Photo/Illutration Prime Minister Yoshihide Suga speaks to reporters at his office in central Tokyo on July 9. (Koichi Ueda)

Japanese feudal daimyo Sadanobu Matsudaira (1759-1829), known for his "Kansei Reforms," put into writing his wish that "the benevolent rule of the Tokugawa government will ensure that the Japanese people will be spared hardships and be allowed to live in peace."

A prayer to that effect, likely written by his own hand, was discovered after his death and mentioned in his critical biography.

The Kansei Reforms are especially famous for "kien-rei," a debt forgiveness law aimed at bringing financial relief to "bushi" (members of the military class) who had fallen on hard times, and the establishment of "ninsoku yoseba" (labor camps for vagrants), where the homeless could receive vocational training.

The reforms also saw to it that every village set some rice aside for storage, so that the people would be adequately prepared for future famines.

Although such measures did draw praise as well as censure, I believe they should be lauded overall for their "benevolence," at least where they sided with society's underprivileged and vulnerable members.

Among the expressions we hardly ever hear in Japan today, "benevolent rule" ("jinsei" in Japanese) is perhaps the most relevant to this era.

Let's bring up Prime Minister Yoshihide Suga here.

His style of politics is decidedly cold and stern.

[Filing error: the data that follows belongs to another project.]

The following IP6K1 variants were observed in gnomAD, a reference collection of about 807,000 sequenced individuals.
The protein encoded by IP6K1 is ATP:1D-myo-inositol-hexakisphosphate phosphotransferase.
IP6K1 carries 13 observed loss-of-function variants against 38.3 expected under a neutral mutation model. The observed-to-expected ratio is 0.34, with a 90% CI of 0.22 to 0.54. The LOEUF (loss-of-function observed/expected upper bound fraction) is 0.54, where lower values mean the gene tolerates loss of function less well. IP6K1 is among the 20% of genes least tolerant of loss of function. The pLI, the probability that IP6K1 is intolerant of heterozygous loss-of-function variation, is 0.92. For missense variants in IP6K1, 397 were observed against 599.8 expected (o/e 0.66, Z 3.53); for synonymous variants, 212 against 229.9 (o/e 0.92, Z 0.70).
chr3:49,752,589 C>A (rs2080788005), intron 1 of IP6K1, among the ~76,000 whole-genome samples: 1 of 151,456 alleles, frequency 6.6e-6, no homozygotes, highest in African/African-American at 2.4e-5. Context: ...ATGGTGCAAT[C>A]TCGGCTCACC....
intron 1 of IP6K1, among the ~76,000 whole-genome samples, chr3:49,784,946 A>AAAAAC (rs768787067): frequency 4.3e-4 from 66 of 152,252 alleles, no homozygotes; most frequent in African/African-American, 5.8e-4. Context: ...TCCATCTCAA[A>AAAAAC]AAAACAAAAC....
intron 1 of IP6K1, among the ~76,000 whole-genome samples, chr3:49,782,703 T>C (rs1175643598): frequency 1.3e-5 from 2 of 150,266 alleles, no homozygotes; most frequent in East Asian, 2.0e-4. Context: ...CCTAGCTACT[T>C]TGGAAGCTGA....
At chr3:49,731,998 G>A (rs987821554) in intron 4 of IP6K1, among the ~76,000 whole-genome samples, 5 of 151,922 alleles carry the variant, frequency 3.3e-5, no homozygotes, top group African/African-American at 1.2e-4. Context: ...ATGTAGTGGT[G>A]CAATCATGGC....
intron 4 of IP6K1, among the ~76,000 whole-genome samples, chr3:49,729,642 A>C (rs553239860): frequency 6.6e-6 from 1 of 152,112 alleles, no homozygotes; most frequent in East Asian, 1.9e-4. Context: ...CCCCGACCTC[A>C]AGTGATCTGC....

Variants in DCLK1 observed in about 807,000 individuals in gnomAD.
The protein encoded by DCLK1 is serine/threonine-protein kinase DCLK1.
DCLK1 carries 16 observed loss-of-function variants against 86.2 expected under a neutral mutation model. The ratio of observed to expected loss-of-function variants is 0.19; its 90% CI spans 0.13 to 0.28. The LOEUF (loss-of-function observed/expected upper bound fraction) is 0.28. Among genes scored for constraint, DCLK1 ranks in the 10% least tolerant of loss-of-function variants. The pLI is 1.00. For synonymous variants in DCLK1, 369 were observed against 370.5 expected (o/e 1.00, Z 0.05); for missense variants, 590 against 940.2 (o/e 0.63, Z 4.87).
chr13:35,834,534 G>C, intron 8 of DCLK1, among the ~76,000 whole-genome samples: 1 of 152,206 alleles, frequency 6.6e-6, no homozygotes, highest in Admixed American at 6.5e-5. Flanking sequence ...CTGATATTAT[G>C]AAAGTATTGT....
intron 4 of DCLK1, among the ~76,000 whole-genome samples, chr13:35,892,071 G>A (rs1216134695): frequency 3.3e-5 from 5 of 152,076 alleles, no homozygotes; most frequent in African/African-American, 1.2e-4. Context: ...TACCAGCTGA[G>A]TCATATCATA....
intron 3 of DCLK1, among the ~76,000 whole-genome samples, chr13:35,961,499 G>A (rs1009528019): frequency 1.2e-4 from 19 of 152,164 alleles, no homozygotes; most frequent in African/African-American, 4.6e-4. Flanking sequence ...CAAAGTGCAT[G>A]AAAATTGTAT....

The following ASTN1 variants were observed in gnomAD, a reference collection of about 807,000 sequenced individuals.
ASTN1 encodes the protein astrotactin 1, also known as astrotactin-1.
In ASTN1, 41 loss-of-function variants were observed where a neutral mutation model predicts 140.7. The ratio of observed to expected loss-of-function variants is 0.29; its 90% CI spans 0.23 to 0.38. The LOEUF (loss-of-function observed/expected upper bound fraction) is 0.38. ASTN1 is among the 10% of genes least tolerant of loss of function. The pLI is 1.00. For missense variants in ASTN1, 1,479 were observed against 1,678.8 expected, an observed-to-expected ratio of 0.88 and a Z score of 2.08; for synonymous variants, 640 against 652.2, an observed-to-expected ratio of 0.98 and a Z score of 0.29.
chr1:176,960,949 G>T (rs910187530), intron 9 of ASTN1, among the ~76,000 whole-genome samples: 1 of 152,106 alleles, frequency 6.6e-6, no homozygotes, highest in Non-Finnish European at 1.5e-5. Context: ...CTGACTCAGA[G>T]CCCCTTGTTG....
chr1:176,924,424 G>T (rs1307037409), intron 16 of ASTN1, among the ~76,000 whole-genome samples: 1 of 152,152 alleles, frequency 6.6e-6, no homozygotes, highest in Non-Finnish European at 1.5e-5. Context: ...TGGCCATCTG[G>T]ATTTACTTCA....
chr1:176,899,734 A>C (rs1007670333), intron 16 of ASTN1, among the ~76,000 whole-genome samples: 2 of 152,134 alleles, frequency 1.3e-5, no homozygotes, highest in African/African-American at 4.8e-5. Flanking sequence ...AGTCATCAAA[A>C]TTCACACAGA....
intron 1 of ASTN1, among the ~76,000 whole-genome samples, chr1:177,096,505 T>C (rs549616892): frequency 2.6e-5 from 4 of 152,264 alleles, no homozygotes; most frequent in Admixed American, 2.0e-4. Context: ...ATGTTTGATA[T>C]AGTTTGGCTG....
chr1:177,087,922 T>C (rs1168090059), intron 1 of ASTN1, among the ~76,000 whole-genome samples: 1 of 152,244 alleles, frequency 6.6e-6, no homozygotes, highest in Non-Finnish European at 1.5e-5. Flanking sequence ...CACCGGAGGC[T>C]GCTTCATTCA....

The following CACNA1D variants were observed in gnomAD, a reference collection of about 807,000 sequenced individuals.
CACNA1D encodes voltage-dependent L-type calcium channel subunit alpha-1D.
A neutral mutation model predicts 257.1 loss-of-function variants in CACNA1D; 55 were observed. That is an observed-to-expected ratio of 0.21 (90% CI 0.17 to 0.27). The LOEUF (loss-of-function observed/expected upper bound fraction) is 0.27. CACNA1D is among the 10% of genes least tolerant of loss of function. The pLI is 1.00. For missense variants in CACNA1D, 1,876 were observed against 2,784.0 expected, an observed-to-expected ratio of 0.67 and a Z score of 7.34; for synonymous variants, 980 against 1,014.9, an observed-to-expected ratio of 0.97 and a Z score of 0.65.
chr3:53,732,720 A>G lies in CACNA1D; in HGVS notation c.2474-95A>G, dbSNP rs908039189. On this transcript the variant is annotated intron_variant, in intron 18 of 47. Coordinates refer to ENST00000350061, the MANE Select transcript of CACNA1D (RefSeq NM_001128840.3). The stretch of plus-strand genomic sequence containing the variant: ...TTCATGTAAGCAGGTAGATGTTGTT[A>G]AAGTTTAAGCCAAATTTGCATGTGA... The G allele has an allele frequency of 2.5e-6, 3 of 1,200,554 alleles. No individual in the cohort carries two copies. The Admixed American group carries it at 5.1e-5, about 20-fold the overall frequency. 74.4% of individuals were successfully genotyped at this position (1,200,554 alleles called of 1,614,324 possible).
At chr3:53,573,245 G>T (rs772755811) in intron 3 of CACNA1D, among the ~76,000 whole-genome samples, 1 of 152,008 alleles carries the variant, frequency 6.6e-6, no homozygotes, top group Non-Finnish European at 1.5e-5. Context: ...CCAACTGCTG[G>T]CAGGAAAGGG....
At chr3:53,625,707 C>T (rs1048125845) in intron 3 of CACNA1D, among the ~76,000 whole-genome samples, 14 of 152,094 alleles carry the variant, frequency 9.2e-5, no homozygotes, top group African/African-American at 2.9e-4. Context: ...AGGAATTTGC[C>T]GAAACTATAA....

In the past, he brought the bureaucracy under control by ruthlessly demoting officials who stood up to him. And after he became prime minister, his administration's irrationally forceful ways have continually been exposed. 

And just recently, he crossed the line by threatening banks and liquor merchants into playing COVID-19 vigilantes. As soon as he declared the fourth state of emergency, he decided to punish restaurants and bars that serve alcohol.

Small wonder that voices of outrage arose across a broad spectrum of society, condemning Suga for using undue pressure without dirtying his own hands.

The Japanese expression "shuren no shin" refers to government officials who torment the populace by exacting mercilessly heavy taxes.

What Suga is doing is nothing short of persecuting eateries and bars hit hard by the pandemic, as if they were primarily to blame for the spread of coronavirus infections.

This is not exactly the same thing as literally taxing them heavily, but, in essence, there is really no difference.

I would describe his rule as oppressive and nowhere near benevolent, and his politics as being ruled by the principle of coercive governance--never by the principle of virtuous governance.

The closer we get to the start of the Tokyo Olympics, the more I am convinced every day that his administration's true colors are being revealed.

--The Asahi Shimbun, July 14

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Vox Populi, Vox Dei is a popular daily column that takes up a wide range of topics, including culture, arts and social trends and developments. Written by veteran Asahi Shimbun writers, the column provides useful perspectives on and insights into contemporary Japan and its culture.